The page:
When she was finally able to speak, she told the emergency crew, “I feel better than when I was hit the other two times.”
That’s when her neighbors decided they might prefer if sweet, elderly Germaine LeClair moved away. The woman attracts lightning strikes like dropped lollipops attract ants.
The first came when she was 18, still living on the family farm in Quebec. She was sitting beside an open window, she said, with her arm on the sill.
“It really wasn’t much lightning to think about,” but then a sudden crackle and — whammo! — Germaine goes out cold.
“I couldn’t think. I couldn’t feel anything.”
She took a lightning-free break for the next 31 years, busy as she was getting married, having six children, moving to the United States and running a dairy farm with her husband in Charlotte.
That electricity drought ended when she was 49, she said. Again, she was indoors, sitting beside two open windows in the farmhouse when lightning zapped an elm tree nearby — splitting it from top to bottom — and traveled into her kitchen.
“I remember my brain was shaking and I was making funny noises with my throat,” she said. She couldn’t speak when her husband and children rushed in from the barn to see what had happened.
When she gathered her senses, she announced to her family, “I told them I’ve been hit by lightning once again.”
This came as a surprise to the mister and the kids, since she’d not yet told them about the first time, when she was a teen.
Thirty years would pass before lightning found her again, at age 79, and spooked her neighbors in the South End of Burlington.
“I don’t know why me,” she said, bowed but unbroken this week on the final approach to her 85th birthday.
The only lasting damage, she said, has been a quirky deafness that has pestered her for years.
“I’m deafer on some days than others,” she said.
She’s also dizzy and has a bum hand, but LeClair chalks that up to eight decades of wear and tear and not lightning strikes.
Just to be on the safe side, should you feel the urge to visit Germaine LeClair, check the weather forecast. Visit only if clear skies are expected. Ask her for a rain check if thunderstorms loom.
Ed Shamy’s column appears Sundays, Tuesdays and Thursdays. Contact him at 660-1862 or email@example.com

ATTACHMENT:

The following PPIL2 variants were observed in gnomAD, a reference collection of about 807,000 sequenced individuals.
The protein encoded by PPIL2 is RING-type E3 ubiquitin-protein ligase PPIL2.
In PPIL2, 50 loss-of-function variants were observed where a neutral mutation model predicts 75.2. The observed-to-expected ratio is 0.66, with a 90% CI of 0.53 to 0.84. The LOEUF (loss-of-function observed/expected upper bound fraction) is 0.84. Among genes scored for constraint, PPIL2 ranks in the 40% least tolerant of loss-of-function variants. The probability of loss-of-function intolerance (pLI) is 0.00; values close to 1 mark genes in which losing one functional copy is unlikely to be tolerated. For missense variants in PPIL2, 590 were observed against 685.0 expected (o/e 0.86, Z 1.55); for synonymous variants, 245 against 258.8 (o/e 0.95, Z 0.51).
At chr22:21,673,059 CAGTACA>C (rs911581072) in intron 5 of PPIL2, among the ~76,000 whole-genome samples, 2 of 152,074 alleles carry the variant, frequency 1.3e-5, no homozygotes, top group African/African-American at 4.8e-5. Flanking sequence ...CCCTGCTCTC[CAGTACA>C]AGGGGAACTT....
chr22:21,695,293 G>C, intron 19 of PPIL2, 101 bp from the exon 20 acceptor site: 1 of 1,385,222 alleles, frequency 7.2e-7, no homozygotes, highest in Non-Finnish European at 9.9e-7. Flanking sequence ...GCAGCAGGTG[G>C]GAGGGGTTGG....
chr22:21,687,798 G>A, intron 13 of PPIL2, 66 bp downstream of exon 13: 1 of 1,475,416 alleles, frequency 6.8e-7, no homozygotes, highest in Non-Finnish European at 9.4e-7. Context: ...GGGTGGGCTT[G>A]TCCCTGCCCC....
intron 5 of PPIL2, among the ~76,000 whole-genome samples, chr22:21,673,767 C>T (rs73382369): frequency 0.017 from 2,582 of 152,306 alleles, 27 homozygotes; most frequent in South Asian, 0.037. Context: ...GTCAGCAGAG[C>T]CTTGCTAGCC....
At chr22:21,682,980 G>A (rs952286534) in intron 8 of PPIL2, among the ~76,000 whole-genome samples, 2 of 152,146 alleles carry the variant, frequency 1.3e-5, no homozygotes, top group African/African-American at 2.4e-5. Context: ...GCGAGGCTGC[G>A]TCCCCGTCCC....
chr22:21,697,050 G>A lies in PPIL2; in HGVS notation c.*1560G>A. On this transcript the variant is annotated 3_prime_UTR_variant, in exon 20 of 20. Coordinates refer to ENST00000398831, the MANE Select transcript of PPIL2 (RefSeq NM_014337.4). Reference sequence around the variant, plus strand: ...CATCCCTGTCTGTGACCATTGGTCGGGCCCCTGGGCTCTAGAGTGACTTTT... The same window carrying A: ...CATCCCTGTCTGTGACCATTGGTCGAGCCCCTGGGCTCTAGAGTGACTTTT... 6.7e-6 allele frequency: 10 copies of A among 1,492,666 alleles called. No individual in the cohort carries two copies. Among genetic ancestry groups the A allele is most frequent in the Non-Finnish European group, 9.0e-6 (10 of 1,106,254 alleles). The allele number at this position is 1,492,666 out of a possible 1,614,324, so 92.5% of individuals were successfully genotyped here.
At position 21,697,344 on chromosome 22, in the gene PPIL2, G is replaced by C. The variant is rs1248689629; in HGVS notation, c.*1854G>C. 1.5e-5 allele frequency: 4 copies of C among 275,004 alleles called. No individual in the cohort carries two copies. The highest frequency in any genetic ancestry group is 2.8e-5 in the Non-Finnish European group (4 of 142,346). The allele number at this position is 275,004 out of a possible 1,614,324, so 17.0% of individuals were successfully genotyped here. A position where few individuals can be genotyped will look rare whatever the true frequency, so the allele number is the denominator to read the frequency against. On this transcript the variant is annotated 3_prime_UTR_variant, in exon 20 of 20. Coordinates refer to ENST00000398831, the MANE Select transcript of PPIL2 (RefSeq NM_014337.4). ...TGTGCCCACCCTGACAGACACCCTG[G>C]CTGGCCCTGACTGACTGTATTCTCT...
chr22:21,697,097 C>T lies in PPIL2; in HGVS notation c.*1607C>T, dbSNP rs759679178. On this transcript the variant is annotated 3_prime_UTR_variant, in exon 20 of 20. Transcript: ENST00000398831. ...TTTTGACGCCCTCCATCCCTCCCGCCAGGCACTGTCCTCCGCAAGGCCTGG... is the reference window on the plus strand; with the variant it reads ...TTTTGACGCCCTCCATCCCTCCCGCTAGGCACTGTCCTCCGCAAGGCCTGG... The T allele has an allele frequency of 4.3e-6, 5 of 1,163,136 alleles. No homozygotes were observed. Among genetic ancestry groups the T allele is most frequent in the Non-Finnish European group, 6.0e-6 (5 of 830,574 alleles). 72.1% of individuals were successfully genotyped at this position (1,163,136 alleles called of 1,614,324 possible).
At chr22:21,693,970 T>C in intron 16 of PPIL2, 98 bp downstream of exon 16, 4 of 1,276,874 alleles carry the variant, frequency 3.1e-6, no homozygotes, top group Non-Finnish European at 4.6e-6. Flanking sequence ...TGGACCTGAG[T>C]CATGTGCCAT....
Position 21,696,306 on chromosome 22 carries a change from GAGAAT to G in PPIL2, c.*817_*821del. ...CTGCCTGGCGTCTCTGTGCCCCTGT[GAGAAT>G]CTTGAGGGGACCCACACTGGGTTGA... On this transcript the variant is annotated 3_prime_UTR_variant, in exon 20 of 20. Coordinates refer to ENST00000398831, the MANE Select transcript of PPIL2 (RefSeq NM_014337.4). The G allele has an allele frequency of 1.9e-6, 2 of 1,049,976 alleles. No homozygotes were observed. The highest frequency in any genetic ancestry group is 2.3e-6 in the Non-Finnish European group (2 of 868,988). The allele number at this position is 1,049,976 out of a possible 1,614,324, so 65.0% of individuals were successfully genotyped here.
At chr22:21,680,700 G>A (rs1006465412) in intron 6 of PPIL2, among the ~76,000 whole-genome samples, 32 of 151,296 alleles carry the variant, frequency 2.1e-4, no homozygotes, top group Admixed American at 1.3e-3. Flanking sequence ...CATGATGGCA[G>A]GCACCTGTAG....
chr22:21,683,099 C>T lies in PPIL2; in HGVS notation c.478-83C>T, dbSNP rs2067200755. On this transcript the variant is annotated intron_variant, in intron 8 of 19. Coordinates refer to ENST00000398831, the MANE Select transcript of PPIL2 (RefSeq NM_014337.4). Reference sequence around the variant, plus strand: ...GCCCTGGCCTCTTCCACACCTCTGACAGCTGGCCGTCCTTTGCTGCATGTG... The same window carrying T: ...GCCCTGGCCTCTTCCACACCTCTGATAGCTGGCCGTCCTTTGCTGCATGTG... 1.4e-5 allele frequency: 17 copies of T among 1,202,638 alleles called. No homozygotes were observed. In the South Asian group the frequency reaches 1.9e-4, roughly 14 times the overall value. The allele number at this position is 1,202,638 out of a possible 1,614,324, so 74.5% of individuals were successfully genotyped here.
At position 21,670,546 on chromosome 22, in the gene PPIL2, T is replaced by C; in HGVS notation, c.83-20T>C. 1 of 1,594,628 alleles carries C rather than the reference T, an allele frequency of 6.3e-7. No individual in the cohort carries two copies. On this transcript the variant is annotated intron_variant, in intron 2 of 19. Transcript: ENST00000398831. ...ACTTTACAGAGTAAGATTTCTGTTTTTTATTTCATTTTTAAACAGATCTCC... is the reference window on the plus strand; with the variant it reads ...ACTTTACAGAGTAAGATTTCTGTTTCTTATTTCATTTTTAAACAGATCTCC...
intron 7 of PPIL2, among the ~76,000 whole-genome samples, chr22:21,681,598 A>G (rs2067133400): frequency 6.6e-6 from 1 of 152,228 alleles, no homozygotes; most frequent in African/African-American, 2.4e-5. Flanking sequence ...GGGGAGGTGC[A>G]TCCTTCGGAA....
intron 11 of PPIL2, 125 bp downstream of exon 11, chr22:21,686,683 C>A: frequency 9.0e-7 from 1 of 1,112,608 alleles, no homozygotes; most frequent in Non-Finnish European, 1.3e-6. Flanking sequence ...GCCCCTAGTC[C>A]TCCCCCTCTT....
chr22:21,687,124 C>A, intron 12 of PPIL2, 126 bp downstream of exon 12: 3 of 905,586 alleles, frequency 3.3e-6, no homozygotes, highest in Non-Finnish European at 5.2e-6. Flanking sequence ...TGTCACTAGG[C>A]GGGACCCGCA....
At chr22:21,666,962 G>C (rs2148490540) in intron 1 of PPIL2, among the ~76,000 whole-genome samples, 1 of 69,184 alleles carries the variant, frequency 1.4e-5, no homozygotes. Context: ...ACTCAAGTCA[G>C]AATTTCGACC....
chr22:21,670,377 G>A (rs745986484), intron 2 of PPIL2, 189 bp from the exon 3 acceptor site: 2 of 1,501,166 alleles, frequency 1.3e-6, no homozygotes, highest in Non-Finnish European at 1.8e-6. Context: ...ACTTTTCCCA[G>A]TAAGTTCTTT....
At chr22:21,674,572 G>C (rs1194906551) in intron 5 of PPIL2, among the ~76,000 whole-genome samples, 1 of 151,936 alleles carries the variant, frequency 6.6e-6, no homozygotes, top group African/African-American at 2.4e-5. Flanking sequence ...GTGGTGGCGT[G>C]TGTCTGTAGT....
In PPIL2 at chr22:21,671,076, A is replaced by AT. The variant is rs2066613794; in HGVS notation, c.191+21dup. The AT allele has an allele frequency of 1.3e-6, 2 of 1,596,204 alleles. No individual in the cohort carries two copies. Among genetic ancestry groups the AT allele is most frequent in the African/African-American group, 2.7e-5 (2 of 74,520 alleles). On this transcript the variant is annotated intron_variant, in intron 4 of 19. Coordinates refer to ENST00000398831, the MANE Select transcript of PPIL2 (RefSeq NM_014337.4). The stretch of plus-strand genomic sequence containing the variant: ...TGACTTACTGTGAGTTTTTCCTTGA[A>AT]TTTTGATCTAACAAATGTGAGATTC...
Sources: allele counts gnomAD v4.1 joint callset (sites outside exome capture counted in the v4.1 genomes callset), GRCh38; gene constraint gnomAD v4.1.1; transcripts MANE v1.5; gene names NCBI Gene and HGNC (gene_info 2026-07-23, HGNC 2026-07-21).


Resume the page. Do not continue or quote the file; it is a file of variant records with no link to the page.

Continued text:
Yesterday, Heavenly and I celebrated our 4th anniversary. To celebrate we took most of the day off to spend the day together. We went out to eat at The Orchid, one of our favorite places to eat. As usual we ate more than we should have, as it’s easy to do there as there’s always a great selection and you want to try everything!
We also went to see The Davinci Code, which was better than I thought it would be. Heavenly recently read the book and thought it would “theatre worthy”. I wasn’t too sure it would be, but was willing to give it a shot. As I said before, it was better than I thought. It was very interesting story that brings up many criticisms of organized religion as well as providing a very suspensefull and entertaining story. I would think that most people would enjoy the movie… probably not strong supporters of established organized religion though.
We also spent time before the movie and after the movie visiting with family, including my aunt and cousins from Texas, whom I haven’t seen in a long time… not since Heavenly and I moved back here. It was funny, because of all my talk recently about our trip to New Hampshire, my mom now believes that Heavenly and I will be moving there soon, so she’s been telling everyone about it. One of the first things my aunt said to us was about us moving to New Hampshire. We don’t have any concrete plans to move there, but if our income were to increase, it would certainly become more attractive to move to New Hampshire. I would think that anyone considered to be working middle class (lower, middle or higher middle class), would be far better off in New Hampshire… the opportunities would be far greater and life would be much easier. My aunt in Texas who was visiting here has wanted to move back here to Vermont to be closer to family, but it would be very hard for her to take such a cut in pay and to see living expenses triple. She has considered actually moving to New Hampshire because other family here have told her about how much better it is in New Hampshire. After visiting for a while we spent some time cooling off in the pool and then came back home where we relaxed together until we fell asleep from our busy day around town. It was a great day.
Heavenly and I met in 2000, so we’ve actually been together for over 6 years total. I’m very thankfull for the time we’ve had together and even though we spend practically 23.5 hours a day together, I always feel gratefull to be with her and feel so fortunate to have found her and I love her so much. I just could not imagine life without her… she truly completes me… our nation of two. Happy Anniversary Heavenly… I love you!